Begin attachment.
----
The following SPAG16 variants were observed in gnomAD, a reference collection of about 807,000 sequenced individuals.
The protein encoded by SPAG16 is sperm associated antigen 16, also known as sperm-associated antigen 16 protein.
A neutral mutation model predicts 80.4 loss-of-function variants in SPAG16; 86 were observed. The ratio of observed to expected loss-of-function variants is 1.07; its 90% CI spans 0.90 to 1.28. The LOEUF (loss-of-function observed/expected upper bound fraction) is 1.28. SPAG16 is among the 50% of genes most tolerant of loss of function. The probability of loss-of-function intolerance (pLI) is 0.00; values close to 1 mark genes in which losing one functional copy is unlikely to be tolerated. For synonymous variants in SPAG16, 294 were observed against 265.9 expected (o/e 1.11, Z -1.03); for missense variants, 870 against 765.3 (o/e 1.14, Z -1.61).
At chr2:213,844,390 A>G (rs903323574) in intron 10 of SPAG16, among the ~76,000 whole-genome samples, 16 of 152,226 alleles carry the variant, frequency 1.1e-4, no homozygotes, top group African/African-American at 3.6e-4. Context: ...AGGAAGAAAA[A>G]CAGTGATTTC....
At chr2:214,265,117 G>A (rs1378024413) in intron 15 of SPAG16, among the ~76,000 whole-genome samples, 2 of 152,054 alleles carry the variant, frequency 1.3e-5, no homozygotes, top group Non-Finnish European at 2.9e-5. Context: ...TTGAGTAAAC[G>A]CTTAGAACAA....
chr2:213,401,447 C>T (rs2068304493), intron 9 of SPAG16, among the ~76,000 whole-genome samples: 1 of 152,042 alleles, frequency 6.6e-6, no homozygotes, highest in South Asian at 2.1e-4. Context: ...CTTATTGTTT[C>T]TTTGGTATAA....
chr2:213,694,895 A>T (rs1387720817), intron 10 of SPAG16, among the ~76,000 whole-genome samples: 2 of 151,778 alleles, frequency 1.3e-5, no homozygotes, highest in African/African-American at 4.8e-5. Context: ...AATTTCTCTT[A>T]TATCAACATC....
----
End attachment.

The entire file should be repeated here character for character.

The following SPAG16 variants were observed in gnomAD, a reference collection of about 807,000 sequenced individuals.
The protein encoded by SPAG16 is sperm associated antigen 16, also known as sperm-associated antigen 16 protein.
A neutral mutation model predicts 80.4 loss-of-function variants in SPAG16; 86 were observed. The ratio of observed to expected loss-of-function variants is 1.07; its 90% CI spans 0.90 to 1.28. The LOEUF (loss-of-function observed/expected upper bound fraction) is 1.28. SPAG16 is among the 50% of genes most tolerant of loss of function. The probability of loss-of-function intolerance (pLI) is 0.00; values close to 1 mark genes in which losing one functional copy is unlikely to be tolerated. For synonymous variants in SPAG16, 294 were observed against 265.9 expected (o/e 1.11, Z -1.03); for missense variants, 870 against 765.3 (o/e 1.14, Z -1.61).
At chr2:213,844,390 A>G (rs903323574) in intron 10 of SPAG16, among the ~76,000 whole-genome samples, 16 of 152,226 alleles carry the variant, frequency 1.1e-4, no homozygotes, top group African/African-American at 3.6e-4. Context: ...AGGAAGAAAA[A>G]CAGTGATTTC....
At chr2:214,265,117 G>A (rs1378024413) in intron 15 of SPAG16, among the ~76,000 whole-genome samples, 2 of 152,054 alleles carry the variant, frequency 1.3e-5, no homozygotes, top group Non-Finnish European at 2.9e-5. Context: ...TTGAGTAAAC[G>A]CTTAGAACAA....
chr2:213,401,447 C>T (rs2068304493), intron 9 of SPAG16, among the ~76,000 whole-genome samples: 1 of 152,042 alleles, frequency 6.6e-6, no homozygotes, highest in South Asian at 2.1e-4. Context: ...CTTATTGTTT[C>T]TTTGGTATAA....
chr2:213,694,895 A>T (rs1387720817), intron 10 of SPAG16, among the ~76,000 whole-genome samples: 2 of 151,778 alleles, frequency 1.3e-5, no homozygotes, highest in African/African-American at 4.8e-5. Context: ...AATTTCTCTT[A>T]TATCAACATC....